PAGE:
In the sixth episode of the second season ofÂ Deep Space Nine, the crew of DS9Â welcome a new ensign aboard who was born on a low-gravity planet. Intrigued? Then it’s time for Mark to watchÂ Star Trek.Â
Trigger Warning: Discussion of ableism.
You know, I honestly did not expect this episode to go as well as it did. As best as I can, I’m going to avoid trying to speakÂ forÂ the disabled community because it’s not my job to do so, but I think there are some elements here that surprised me because I’m so used to shows using disabled people in their stories to make us able-bodied folks feel better about our lives.
As I said in the video for “Melora,” I’m shocked that it’s taken this long forÂ Star TrekÂ to finally introduce us to a species from a world that doesn’t have the same gravity asâ€¦ well, everywhere. Literally everywhere. I know that this episode didn’t intend to do this, but now it seems utterly unrealistic to me that out of the countless species introduced by this show, none of them have ever come fromÂ a lower or higher gravity planet. But hey, let’s just appreciate the fact that it’s here. Now, it’s clear that Melora’s character is a direct metaphor for disability, even though she’s not technically disabled herself. We see DS9’s version of a wheelchair, and Melora uses both a caneÂ andÂ supports on her clothing.
However, it’s the subtle things that “Melora” makes me think about that are far more intriguing to me. For the first time in the history ofÂ Star Trek, I had to ask myself how accessible all the ships and stations were. I got the sense that Federation ships and stations are normally far more accessible, given that DS9 required so many modifications just for basic travel about the ship. The Cardassians do not seem like the kind of culture to accommodateÂ anyone, and thus, DS9 is a disaster. And yet, even when Julian does what he thinks is ideal for Melora’s visit to the station, he falls short of her needs. Why? Because he thinks he knows what is best. That’s the fundamental problem in the early scenes, and I’m glad that the show allowed Melora the space to angrily point out how flawed everyone’s perception was of her. In one second, she was someone who existed to be pitied, and then she was someone who existed so that others could pat themselves on the back because of how well they treated her. In both scenarios, she’s not really treated as a person but a prop, and thus, she defends her personhood and determination loudly.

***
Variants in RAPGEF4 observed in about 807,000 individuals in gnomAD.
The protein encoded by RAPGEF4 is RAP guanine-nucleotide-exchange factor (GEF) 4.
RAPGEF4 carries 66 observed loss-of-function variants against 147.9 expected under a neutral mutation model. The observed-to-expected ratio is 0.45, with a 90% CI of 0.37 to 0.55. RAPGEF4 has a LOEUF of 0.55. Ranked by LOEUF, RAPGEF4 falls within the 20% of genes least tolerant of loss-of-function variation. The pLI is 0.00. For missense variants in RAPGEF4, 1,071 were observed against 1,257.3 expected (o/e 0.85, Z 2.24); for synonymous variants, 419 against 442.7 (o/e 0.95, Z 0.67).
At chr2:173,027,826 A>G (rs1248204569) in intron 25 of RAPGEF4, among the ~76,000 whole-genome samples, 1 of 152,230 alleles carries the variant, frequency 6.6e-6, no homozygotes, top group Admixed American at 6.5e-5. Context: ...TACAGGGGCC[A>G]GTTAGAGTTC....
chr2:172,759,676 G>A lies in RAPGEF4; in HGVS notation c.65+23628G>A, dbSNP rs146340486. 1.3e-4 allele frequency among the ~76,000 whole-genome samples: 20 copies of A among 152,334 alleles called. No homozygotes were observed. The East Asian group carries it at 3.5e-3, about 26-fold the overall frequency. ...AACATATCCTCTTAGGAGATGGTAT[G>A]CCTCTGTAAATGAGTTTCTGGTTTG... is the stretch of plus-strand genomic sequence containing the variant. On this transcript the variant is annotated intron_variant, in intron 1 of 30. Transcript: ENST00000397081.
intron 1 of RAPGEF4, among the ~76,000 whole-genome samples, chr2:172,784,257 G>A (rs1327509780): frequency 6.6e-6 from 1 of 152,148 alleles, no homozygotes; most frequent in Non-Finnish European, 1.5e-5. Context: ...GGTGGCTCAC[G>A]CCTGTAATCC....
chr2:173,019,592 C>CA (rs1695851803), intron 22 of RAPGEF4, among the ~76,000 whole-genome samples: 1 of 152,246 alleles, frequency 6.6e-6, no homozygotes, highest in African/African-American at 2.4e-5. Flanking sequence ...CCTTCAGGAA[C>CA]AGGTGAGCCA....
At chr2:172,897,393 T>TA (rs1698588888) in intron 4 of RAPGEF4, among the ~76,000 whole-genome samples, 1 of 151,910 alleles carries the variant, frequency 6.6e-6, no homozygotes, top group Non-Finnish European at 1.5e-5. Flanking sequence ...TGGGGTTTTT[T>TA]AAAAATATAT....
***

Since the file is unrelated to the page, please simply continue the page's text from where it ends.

I think that the script edged a bit too close to tone policing her for my liking, though. Melora had every right to resent her treatment becauseâ€¦ lord, this is how everyone treats her! Just because it made people uncomfortable doesn’t mean she’s being rude and uncaring. Clearly, she’s a very caring person, you know? Thankfully, the show didn’t stick on this point very long, and I appreciated that this was one of the more realistic romances we’ve gotten on a Star Trek show before. It helped that there weren’t these epic declarations of love on the first day (COUGH COUGH captain kirk COUGH COUGH), and that meant that it felt more natural when Julian and Melora didn’t pursue a further relationship at the end of the episode.